Puzzle #25: Right Up Your Alley

[.puz][PDF][Solution]

This week’s puzzle is another affirmation of distance community building. I made it with the help of 100 attendees at the second of two How to Make a Crossword sessions. We got it all done (minus the clues) in about 15 minutes. But before I talk about the puzz, a related human interest aside:

Jessie and I had a surprisingly engaging virtual dinner date last night. Not that we didn’t fully expect our two guests–relative strangers when dinner began–to be scintillating conversationalists. But because we’re not overly optimistic about the possibilities for genuine community and relationship building in a post-eye contact world.

We stand corrected. Dinner lasted almost four hours, and we feel like we’ve made a genuine human connection that delivered many of the same mental cookies on offer in an IRL double date.

Low quality image, high quality company

*SPOILERS AHEAD*

The revealer for today’s puzzle is MIND IN THE GUTTER (15) [What one prone to dirty thoughts has, and what you might need to solve this puzzle].

It’s a classic parse-some-genre-specific-words differently puzz. A tried-and-true formula that will never not work for me as long as the revealer is fun and the wackily-clued themers not *too* wacky. ROLLING PIN [Result of finishing half a split?] is my favorite clue-answer pair.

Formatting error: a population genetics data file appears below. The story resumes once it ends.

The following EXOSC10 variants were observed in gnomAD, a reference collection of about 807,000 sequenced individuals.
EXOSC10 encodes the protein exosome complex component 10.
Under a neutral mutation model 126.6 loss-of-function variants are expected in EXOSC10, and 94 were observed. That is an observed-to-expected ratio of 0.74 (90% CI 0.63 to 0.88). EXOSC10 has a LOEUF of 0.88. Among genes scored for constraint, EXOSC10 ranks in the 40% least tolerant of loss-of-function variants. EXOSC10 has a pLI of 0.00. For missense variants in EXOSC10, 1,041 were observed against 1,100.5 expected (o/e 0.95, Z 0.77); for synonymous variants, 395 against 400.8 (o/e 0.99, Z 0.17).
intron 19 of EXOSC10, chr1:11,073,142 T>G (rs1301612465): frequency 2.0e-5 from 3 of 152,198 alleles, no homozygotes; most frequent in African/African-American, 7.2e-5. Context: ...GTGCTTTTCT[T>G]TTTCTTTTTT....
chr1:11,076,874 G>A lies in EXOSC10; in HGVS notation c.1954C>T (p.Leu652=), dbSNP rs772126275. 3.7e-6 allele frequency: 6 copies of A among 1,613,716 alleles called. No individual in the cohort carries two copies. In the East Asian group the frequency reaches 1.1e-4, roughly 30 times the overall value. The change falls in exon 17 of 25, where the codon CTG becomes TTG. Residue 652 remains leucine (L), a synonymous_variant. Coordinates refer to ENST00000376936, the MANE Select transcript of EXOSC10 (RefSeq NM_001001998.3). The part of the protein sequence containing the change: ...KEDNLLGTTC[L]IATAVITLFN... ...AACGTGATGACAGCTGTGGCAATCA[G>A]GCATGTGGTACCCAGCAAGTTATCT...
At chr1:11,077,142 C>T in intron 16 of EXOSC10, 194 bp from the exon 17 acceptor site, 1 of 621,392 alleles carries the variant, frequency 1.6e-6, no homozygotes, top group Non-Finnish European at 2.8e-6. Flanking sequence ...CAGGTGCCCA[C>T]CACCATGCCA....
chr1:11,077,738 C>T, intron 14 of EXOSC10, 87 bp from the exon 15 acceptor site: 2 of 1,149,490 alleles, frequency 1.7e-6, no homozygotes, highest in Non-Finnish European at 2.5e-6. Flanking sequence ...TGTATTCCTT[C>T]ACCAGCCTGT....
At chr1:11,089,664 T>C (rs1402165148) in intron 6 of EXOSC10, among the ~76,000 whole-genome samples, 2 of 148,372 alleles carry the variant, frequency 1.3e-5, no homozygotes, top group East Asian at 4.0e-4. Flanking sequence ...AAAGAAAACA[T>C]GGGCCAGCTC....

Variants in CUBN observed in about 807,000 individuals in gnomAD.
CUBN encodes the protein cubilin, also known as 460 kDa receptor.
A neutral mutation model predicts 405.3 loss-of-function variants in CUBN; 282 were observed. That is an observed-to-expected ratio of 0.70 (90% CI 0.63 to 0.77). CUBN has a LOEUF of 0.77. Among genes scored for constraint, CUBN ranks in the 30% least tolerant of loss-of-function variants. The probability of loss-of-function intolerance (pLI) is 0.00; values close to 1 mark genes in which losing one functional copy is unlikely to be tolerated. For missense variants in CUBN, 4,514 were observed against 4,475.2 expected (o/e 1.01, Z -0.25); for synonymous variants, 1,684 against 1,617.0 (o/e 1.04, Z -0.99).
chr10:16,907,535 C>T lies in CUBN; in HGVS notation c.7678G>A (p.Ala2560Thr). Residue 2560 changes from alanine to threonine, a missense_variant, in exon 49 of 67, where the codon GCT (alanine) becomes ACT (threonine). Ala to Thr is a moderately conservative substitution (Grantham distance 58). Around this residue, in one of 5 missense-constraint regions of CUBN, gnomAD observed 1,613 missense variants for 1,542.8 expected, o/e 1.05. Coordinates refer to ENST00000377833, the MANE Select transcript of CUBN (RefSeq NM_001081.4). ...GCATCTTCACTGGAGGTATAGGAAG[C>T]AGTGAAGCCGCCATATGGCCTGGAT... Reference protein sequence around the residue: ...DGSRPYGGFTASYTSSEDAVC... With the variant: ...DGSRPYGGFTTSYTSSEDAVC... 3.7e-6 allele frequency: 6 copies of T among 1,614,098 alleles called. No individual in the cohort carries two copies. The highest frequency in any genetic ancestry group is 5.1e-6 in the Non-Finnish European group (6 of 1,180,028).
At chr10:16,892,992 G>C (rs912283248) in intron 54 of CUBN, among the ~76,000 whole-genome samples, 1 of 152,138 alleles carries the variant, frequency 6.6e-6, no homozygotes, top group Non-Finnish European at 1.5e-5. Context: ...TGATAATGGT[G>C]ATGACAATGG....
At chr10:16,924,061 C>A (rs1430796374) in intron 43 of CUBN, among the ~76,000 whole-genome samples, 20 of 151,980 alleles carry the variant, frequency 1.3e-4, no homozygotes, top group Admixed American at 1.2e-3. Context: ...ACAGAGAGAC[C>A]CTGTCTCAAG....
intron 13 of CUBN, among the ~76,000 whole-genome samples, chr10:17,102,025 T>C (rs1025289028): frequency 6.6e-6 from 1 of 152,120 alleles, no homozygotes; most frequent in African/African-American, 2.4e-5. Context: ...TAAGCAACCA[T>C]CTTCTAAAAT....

Stay safe, everyone. Much love.

-Ross

Puzzle #24: All Together Now

[.puz][PDF][Solution]

The truth is that the worst is yet to come. But we’re going to see the best in ourselves. The crossword community is leading the way, and has given me hope and resolve in a hundred little ways this week:

-On Monday I was contacted by a group of puzzle constructors and editors who were putting together a charity puzzle pack to benefit COVID-19 relief. Details forthcoming.

-This weekend, in social isolation, I saw, communed with, and connected with many of my dearest friends via the Crossword Tournament From Your Couch. It was an asynchronous tournament of 1,800 solvers, hosted entirely online, on a system designed in *less than a week* by Kevin G. Der and Finn Vigeland. For free. Just because.